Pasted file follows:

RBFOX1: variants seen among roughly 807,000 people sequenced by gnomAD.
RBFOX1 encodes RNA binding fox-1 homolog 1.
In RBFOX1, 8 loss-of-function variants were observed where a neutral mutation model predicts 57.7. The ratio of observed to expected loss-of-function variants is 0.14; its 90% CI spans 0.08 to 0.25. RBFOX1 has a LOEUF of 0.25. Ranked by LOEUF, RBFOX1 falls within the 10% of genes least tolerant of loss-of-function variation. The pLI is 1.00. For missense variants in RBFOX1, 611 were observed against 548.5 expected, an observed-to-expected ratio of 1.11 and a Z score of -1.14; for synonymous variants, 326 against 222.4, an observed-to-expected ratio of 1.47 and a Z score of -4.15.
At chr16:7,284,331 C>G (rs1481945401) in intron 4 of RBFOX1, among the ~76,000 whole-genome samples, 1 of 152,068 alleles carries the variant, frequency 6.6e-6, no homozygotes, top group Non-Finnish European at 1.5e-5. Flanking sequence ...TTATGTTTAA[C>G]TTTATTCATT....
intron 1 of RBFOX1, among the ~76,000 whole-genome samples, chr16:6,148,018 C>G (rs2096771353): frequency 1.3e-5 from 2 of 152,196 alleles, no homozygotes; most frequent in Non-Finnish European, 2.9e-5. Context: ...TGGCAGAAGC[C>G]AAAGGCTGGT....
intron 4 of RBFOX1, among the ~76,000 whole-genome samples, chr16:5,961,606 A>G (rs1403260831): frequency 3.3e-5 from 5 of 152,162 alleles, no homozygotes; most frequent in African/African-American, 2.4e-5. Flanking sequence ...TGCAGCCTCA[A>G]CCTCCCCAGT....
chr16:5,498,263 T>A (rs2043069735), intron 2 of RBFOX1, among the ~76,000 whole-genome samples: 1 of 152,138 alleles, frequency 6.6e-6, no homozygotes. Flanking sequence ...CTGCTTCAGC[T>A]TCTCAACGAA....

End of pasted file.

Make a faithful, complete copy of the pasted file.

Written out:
RBFOX1: variants seen among roughly 807,000 people sequenced by gnomAD.
RBFOX1 encodes RNA binding fox-1 homolog 1.
In RBFOX1, 8 loss-of-function variants were observed where a neutral mutation model predicts 57.7. The ratio of observed to expected loss-of-function variants is 0.14; its 90% CI spans 0.08 to 0.25. RBFOX1 has a LOEUF of 0.25. Ranked by LOEUF, RBFOX1 falls within the 10% of genes least tolerant of loss-of-function variation. The pLI is 1.00. For missense variants in RBFOX1, 611 were observed against 548.5 expected, an observed-to-expected ratio of 1.11 and a Z score of -1.14; for synonymous variants, 326 against 222.4, an observed-to-expected ratio of 1.47 and a Z score of -4.15.
At chr16:7,284,331 C>G (rs1481945401) in intron 4 of RBFOX1, among the ~76,000 whole-genome samples, 1 of 152,068 alleles carries the variant, frequency 6.6e-6, no homozygotes, top group Non-Finnish European at 1.5e-5. Flanking sequence ...TTATGTTTAA[C>G]TTTATTCATT....
intron 1 of RBFOX1, among the ~76,000 whole-genome samples, chr16:6,148,018 C>G (rs2096771353): frequency 1.3e-5 from 2 of 152,196 alleles, no homozygotes; most frequent in Non-Finnish European, 2.9e-5. Context: ...TGGCAGAAGC[C>G]AAAGGCTGGT....
intron 4 of RBFOX1, among the ~76,000 whole-genome samples, chr16:5,961,606 A>G (rs1403260831): frequency 3.3e-5 from 5 of 152,162 alleles, no homozygotes; most frequent in African/African-American, 2.4e-5. Flanking sequence ...TGCAGCCTCA[A>G]CCTCCCCAGT....
chr16:5,498,263 T>A (rs2043069735), intron 2 of RBFOX1, among the ~76,000 whole-genome samples: 1 of 152,138 alleles, frequency 6.6e-6, no homozygotes. Flanking sequence ...CTGCTTCAGC[T>A]TCTCAACGAA....